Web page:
solar permitting mistakes to avoid

An efficient permitting process helps maintain project timelines and promotes a positive customer experience.

The permitting process ensures that solar energy systems are installed according to industry standards, building codes, and safety guidelines. Authorities having jurisdiction review system designs, equipment specifications, and installation plans to verify that the system meets the required safety standards.  

An efficient permitting process helps maintain project timelines and promotes a positive customer experience.

  1. Incomplete or incorrect solar permit paperwork

Not providing all the required documentation or submitting inaccurate solar permitting information can lead to delays in obtaining solar permits. Therefore, submitting a complete solar permit application with all the required information is paramount.  

Randy Chabot, Customer Support Leader for GreenLancer, recommends reviewing your solar components and double-checking the model numbers.

“I see hundreds of solar permits a week that fail because the part numbers do not correlate to what the inspector sees installed in his solar site inspection,” Chabot said. “This can lead to expensive revisions and wait times for the customer.”  

For example, when preparing solar permits, it’s critical that the voltage and amperage output calculations of photovoltaic (PV) modules don’t exceed the specifications for solar inverters and rapid shutdown devices (RSD) as specified in 690.7(A)(1) Low Temperature Voltage Corrections.   

PV Voc = Open Circuit V + [(Temp C – 25 C) x Module Coefficient] x # of Modules 

“Navigating these calculations can be difficult but are crucial in the solar permit plan review process for contractors,” explains Chabot. “I find that this is the most common electrical error.”  

Strategies for submitting solar permit applications

Establish a thorough process for managing all the required information. Begin by creating a checklist of all required documents. If you are unsure of the requirements, contact the AHJ because this information can vary by jurisdiction. Next, diligently review the required documents for completeness and accuracy. Double-check that all information matches the project specifications and that all necessary signatures and engineering stamps are obtained if required.  

“Different jurisdictions have different regional requirements and are on different code cycles, says Chabot. “It is important to check your jurisdiction’s unique solar permitting requirements.”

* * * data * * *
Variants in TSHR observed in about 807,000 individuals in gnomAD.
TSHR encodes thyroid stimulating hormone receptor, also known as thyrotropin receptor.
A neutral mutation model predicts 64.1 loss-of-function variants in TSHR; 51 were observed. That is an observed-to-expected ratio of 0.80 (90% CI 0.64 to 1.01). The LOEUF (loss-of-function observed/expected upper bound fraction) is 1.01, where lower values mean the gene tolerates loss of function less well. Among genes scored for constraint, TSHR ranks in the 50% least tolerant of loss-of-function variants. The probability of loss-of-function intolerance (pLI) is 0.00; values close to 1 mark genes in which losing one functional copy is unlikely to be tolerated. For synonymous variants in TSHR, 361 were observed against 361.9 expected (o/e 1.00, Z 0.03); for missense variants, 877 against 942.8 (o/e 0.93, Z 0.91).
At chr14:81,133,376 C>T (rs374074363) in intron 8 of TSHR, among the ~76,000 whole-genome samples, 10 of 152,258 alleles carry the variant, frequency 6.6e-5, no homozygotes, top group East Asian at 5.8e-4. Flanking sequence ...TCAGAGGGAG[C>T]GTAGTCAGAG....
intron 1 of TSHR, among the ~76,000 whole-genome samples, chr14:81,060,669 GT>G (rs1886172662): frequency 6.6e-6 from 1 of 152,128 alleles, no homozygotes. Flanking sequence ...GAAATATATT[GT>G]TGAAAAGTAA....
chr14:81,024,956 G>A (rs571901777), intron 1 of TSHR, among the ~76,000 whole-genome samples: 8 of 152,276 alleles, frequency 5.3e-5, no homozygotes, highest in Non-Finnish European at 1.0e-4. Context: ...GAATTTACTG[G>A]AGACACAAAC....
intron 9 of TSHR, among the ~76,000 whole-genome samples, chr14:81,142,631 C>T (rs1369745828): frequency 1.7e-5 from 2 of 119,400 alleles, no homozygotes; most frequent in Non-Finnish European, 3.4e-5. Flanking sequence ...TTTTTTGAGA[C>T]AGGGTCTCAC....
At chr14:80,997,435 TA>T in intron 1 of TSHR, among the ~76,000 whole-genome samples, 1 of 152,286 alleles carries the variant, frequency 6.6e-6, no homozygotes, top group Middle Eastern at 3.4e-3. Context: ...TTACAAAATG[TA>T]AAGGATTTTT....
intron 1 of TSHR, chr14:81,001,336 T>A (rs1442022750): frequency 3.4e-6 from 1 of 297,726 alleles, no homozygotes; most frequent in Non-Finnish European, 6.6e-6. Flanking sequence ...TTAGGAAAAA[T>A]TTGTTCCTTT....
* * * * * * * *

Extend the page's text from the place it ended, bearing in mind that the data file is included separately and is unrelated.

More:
Online solar permitting resources:  

Up Codes: A great code-compliance resource that shows changes from different code cycles interactively so you can compare and be aware of any changes 

ICC (International Code Council): This website provides valuable resources and guidelines to assist with solar permitting, ensuring compliance with building codes and facilitating a streamlined approval process. 

SolarAPP+: In jurisdictions where SolarAPP+ is approved, you can check the environment variables, permit setback requirements, and code cycles by reaching out to [email protected]  

  1. Not meeting electrical code requirements for solar permits

The National Electric Code (NEC) is the widely recognised standard for electrical installations in the United States. To obtain a solar permit, it is essential to comply with the relevant sections of the NEC and any additional electrical code requirements established by local jurisdictions.  

It provides guidelines and requirements for electrical work, including those related to solar installations. Here are some key sections of the NEC that specifically apply to solar installations: 

Article 690: This section of the NEC focuses exclusively on solar photovoltaic (PV) systems. It covers topics such as system grounding, wiring methods, disconnecting means, circuit sizing, and overcurrent protection. 

Article 690.12: This pertains to rapid shutdown requirements. It specifies that PV systems must have a mechanism to rapidly shut down the direct current (DC) portion of the system within a specified time frame, typically within 30 seconds, to enhance firefighter safety during emergencies. 

Article 705: This section primarily addresses interconnected electric power production sources, such as large-scale solar installations feeding power to the grid. 

705.11 Line Side (Supply Side Connections) 

705.12 Load Side Connections  

100% Rule  

120% Rule 705.12(B)(2) 

Sum Of Breakers 705.12(B)(3)  

“I find people understand the Sum Of Breakers 705.12(B)(3) method the least,” explains Chabot. “It is usually reserved for instances when a main service panel upgrade is either too difficult or costly for the customer. So, a relocated loads sub-panel is installed to move the loads from the main service panel.” 

Tips for ensuring solar plan sets comply with the NEC

Before submitting solar plan sets and permit applications, ensure they comply with the NEC and these articles in particular. Here are some strategies: 

Familiarise yourself with the latest NEC requirements: Staying up-to-date with the latest NEC requirements ensures that your solar plan sets are compliant with the latest safety codes and standards. 

Follow NEC guidelines: The NEC provides specific guidelines for solar power systems, including grounding, conduit sizing, and labeling requirements. Make sure that your solar plans follow these guidelines for compliance. 

Work with experienced professionals: Partnering with experienced and licensed solar contractors, designers, and engineers ensures that your solar plan sets comply with the NEC and that installation is performed safely, following local and state regulations. If you don’t have in-house expertise, consider partnering with a solar permit design service. 

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